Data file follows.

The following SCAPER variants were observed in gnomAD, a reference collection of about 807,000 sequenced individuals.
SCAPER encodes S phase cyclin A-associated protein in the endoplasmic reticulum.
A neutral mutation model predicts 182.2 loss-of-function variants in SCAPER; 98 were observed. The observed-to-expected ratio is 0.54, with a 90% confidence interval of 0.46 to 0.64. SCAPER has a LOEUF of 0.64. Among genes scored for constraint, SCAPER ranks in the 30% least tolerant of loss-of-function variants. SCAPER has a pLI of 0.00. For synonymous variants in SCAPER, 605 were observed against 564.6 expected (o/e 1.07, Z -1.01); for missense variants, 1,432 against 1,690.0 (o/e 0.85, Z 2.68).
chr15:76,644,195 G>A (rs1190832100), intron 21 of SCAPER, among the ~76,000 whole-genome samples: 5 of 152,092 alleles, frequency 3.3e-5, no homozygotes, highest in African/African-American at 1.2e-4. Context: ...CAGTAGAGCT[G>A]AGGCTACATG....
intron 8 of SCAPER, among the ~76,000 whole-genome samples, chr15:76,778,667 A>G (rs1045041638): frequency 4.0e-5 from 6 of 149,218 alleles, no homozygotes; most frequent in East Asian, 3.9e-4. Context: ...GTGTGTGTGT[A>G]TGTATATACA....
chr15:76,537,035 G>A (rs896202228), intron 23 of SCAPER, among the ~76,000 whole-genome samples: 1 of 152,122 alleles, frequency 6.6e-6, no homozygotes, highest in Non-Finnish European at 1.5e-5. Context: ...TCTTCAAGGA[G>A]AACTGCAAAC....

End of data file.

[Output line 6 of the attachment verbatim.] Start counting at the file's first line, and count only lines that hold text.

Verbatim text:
chr15:76,537,035 G>A (rs896202228), intron 23 of SCAPER, among the ~76,000 whole-genome samples: 1 of 152,122 alleles, frequency 6.6e-6, no homozygotes, highest in Non-Finnish European at 1.5e-5. Context: ...TCTTCAAGGA[G>A]AACTGCAAAC....